Directed By: Jimmy Wang Yu
Starring: Jimmy Wang Yu, Tien Wu Chu, Kang Chin
Tag line: "It's A Mean Machine - Cuts Your Head Off Clean!"
Trivia: Most or all music featuring in the film was used without permission of copyright holders (when the film was first released)
Admittedly, I'm not all that familiar with the films of Jimmy Wang Yu, a martial arts superstar who rose to prominence in the '60s and '70s. I'd seen a handful of his movies over the years, such as Blood of the Dragon (also known as Blood of the Ninja), The One-Armed Swordsman and Return of the Chinese Boxer, and really enjoyed them. Having just watched Master of the Flying Guillotine, I now consider Jimmy Wang Yu one of the most talented kung-fu stars in the genre's history.
The year is 1730, a period in China’s history known as the Ching Dynasty. The One-Armed Boxer (Jimmy Wang Yu) is both a kung-fu master and the respected instructor of a martial arts training school. A local chieftain (Pai Cheng Hau) is hosting a tournament to determine the area's best fighter, and the One-Armed Boxer has been invited to attend. Unbeknownst to our hero, however, a blind guillotine master (Kam Kang) is seeking revenge against him for killing two of his most promising disciples. Unable to track down his enemy, the Guillotine master decides to kill every one-armed man he comes across, which he does with the help of his new weapon, the flying guillotine, a contraption that, when thrown through the air, will cut off the head of anyone it lands on.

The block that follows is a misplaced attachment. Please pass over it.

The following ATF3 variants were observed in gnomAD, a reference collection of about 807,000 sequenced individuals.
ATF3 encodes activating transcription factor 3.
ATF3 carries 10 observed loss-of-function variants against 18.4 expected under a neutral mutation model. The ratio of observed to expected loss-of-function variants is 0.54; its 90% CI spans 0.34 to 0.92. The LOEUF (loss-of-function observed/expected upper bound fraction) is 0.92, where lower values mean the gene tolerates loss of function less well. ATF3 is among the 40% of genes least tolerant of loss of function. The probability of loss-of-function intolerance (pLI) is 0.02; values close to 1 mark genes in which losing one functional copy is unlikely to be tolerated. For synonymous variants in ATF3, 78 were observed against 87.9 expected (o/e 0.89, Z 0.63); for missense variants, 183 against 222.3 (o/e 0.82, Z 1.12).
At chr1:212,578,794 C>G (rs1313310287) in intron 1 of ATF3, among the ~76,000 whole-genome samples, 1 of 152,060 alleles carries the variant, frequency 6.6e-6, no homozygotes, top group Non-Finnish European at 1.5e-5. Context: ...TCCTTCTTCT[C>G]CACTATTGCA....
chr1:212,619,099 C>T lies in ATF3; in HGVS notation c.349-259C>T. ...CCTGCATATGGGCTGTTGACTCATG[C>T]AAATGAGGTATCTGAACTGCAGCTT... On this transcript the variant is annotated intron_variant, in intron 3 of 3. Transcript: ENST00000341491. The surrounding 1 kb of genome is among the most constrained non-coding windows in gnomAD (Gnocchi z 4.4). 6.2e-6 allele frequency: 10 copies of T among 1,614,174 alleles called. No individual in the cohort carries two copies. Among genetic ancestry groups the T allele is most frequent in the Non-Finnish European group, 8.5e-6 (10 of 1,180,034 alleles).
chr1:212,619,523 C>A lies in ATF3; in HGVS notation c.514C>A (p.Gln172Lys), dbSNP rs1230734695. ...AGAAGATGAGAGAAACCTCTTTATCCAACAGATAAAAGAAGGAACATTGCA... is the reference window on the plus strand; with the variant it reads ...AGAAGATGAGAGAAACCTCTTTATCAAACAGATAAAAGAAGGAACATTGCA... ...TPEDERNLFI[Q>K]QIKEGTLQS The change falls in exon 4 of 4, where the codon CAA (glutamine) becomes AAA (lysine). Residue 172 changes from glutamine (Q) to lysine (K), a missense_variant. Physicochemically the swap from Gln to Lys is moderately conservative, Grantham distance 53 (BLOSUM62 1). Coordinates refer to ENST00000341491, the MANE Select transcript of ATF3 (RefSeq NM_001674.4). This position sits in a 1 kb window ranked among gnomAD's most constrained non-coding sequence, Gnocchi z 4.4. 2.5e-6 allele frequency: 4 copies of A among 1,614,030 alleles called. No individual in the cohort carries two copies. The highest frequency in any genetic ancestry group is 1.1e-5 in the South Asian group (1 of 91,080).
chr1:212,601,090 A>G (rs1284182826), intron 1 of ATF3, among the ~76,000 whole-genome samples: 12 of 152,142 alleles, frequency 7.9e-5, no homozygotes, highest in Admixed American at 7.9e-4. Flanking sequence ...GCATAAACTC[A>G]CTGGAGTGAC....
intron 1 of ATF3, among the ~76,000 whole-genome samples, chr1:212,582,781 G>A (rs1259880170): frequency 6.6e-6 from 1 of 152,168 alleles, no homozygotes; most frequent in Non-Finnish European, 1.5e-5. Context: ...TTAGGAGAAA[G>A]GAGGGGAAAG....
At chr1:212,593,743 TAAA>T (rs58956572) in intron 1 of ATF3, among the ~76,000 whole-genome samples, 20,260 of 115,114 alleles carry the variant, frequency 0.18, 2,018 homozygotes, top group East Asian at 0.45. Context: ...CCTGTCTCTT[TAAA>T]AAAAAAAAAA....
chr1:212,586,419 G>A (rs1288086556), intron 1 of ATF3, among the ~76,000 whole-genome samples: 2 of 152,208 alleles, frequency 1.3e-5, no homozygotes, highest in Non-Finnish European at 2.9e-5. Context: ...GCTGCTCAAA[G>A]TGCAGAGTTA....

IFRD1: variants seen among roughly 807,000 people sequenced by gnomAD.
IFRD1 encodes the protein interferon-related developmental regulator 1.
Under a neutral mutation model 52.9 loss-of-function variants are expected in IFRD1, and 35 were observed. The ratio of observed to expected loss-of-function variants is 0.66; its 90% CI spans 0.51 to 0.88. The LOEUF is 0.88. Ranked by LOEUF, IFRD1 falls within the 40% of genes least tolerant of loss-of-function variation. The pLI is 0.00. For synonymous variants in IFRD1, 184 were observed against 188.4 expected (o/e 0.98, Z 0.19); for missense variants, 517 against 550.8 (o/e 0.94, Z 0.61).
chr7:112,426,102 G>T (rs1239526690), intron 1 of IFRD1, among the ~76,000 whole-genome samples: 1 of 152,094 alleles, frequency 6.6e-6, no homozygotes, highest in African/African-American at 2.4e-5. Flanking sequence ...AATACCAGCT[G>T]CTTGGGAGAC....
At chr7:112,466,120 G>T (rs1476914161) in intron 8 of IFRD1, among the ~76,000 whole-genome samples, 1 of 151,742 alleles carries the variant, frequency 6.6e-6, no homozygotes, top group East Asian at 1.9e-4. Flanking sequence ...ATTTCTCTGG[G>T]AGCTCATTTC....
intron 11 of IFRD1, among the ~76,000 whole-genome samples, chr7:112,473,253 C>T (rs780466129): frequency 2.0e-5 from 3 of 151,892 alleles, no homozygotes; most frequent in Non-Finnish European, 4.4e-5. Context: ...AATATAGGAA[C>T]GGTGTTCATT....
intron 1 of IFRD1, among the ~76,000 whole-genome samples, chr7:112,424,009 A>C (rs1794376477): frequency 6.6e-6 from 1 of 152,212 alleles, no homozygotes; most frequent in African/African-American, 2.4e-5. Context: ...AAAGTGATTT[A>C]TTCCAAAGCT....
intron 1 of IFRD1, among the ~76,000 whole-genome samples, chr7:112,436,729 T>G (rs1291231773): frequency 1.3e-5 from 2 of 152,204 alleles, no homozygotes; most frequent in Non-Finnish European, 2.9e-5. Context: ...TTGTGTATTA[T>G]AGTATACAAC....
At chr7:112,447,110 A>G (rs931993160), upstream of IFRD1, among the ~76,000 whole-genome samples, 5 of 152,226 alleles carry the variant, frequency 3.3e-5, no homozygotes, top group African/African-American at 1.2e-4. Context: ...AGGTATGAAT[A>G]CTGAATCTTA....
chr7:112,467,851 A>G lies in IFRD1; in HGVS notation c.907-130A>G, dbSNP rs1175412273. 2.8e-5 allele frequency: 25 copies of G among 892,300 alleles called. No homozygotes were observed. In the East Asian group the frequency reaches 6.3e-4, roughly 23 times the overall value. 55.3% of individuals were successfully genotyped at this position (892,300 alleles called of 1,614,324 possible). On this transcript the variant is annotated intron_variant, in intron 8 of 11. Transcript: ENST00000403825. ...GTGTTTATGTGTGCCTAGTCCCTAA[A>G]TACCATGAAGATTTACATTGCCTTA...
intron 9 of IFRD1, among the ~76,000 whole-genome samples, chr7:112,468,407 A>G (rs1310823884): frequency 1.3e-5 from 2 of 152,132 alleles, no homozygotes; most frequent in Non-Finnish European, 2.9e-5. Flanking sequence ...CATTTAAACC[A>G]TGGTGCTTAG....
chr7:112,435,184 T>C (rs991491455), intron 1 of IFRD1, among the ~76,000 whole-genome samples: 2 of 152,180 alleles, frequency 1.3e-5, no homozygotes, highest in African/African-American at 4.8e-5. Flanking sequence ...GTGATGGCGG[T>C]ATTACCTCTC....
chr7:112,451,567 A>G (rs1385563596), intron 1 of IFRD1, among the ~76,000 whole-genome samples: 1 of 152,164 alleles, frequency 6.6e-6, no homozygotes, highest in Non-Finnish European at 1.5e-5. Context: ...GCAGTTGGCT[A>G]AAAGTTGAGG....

There are some incredible fight sequences in Master of the Flying Guillotine, many of which take place during the tournament, yet things really heat up whenever Jimmy Wang Yu (who also directed the film) is on-screen. One of the best battles occurs in a small shack, where his One-Armed Boxer faces off against the Thai Boxer (Chien-Po Tsen), a disciple of the guillotine master. This shack has a floor made entirely of sheet metal, and while the action is hot, it's not nearly as scolding as that floor gets when the One-Armed Boxer’s students light a fire underneath it, turning the whole place into a searing frying pan, taking what was already an impressive showdown and kicking the tension up a notch.
From what I can gather, Jimmy Wang Yu wasn't the most pleasant person to be around. Not QuiteHollywood: The Wild, Untold Story of Ozploitation paints him as an arrogant bigot (during the making of 1975's The Man From Hong Kong, he managed to piss off just about everybody, including co-star George Lazenby and director Brian Trenchard-Smith), and in 1981, he was charged with murder in Taiwan (charges that were eventually dropped due to a lack of evidence). But there's no denying his talent. An exciting, magnetic personality, I'm looking forward to delving into more of his films.